During host colonization, plant-associated microbes, including fungi and oomycetes, deliver a collection of glycoside hydrolases (GHs) to their cell surfaces and surrounding extracellular environments. The number and type of GHs secreted by each organism is typically associated with their lifestyle or mode of nutrient acquisition. Secreted GHs of plant-associated fungi and oomycetes serve a number of different functions, with many of them acting as virulence factors (effectors) to promote microbial host colonization. Specific functions involve, for example, nutrient acquisition, the detoxification of antimicrobial compounds, the manipulation of plant microbiota, and the suppression or prevention of plant immune responses. In contrast, secreted GHs of plant-associated fungi and oomycetes can also activate the plant immune system, either by acting as microbe-associated molecular patterns (MAMPs), or through the release of damage-associated molecular patterns (DAMPs) as a consequence of their enzymatic activity. In this review, we highlight the critical roles that secreted GHs from plant-associated fungi and oomycetes play in plant-microbe interactions, provide an overview of existing knowledge gaps and summarize future directions.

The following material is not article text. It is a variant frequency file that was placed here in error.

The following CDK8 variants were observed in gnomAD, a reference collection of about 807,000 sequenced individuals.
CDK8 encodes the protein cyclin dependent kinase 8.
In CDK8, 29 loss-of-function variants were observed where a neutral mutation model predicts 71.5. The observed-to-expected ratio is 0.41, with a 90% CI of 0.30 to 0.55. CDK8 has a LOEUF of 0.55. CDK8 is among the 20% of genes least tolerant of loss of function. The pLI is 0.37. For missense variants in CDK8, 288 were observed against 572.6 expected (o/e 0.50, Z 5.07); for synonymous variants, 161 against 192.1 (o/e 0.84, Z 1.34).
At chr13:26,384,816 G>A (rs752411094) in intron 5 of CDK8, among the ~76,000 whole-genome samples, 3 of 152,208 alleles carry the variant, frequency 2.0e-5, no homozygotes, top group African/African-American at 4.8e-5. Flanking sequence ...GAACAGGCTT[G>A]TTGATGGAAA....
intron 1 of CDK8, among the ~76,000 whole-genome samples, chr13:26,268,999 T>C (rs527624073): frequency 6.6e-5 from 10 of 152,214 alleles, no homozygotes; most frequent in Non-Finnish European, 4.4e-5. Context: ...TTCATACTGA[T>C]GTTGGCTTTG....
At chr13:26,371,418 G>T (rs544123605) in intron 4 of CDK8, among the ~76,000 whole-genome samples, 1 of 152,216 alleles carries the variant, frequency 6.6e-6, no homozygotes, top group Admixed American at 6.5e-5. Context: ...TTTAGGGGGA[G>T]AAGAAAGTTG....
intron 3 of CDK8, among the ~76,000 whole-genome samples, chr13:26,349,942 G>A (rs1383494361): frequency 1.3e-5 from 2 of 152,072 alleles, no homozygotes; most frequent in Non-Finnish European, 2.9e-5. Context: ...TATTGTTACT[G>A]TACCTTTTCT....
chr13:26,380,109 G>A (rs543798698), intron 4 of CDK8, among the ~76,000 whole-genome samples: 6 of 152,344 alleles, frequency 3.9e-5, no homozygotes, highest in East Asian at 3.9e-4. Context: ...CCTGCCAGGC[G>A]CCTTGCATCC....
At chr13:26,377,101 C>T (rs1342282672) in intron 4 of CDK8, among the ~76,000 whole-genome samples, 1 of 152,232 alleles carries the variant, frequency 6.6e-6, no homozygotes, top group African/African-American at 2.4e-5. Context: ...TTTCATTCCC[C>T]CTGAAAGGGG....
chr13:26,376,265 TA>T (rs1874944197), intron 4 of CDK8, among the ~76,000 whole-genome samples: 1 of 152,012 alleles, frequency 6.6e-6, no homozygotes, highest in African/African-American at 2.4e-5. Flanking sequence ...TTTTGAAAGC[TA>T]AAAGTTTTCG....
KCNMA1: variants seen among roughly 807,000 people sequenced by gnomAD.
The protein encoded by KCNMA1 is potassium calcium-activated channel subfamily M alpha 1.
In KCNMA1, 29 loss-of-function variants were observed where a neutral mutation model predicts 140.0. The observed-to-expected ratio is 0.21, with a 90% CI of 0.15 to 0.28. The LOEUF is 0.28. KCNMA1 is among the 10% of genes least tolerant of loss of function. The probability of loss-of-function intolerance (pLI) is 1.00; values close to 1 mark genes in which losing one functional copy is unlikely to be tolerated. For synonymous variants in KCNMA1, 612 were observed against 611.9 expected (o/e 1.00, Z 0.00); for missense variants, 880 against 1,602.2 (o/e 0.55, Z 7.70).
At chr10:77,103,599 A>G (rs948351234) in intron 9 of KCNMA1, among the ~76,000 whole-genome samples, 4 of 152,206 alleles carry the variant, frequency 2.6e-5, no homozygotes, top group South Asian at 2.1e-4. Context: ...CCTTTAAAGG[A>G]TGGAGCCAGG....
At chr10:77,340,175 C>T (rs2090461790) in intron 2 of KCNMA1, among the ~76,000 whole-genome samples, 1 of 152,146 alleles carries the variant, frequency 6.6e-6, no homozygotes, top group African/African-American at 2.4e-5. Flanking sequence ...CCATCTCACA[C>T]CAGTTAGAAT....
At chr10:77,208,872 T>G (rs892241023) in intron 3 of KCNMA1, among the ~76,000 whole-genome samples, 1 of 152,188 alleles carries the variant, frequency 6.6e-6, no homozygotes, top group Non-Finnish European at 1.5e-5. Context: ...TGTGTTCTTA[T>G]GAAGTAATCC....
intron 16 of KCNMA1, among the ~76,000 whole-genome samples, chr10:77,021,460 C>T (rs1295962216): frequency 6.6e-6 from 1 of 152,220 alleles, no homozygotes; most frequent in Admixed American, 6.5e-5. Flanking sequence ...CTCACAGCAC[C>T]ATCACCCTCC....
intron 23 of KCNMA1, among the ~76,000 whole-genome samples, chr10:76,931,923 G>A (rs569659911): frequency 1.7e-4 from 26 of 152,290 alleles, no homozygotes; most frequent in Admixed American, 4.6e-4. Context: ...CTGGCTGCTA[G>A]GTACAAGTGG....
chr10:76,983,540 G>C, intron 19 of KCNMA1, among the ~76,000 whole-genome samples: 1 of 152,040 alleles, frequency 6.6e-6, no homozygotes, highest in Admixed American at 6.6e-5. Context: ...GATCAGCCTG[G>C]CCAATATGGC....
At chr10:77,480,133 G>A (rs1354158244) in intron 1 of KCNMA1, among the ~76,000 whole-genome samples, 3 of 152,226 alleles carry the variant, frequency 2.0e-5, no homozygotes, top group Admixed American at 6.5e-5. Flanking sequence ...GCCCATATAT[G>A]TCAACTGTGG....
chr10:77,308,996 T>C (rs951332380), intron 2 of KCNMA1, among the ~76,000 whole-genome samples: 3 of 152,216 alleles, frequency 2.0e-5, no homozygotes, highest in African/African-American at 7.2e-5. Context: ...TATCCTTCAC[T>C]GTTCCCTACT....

|Journal||Frontiers in Plant Science|
|Number of pages||16|
|Publication status||Published - 2022|
- Glycoside hydrolases
- Effector proteins
- Invasion patterns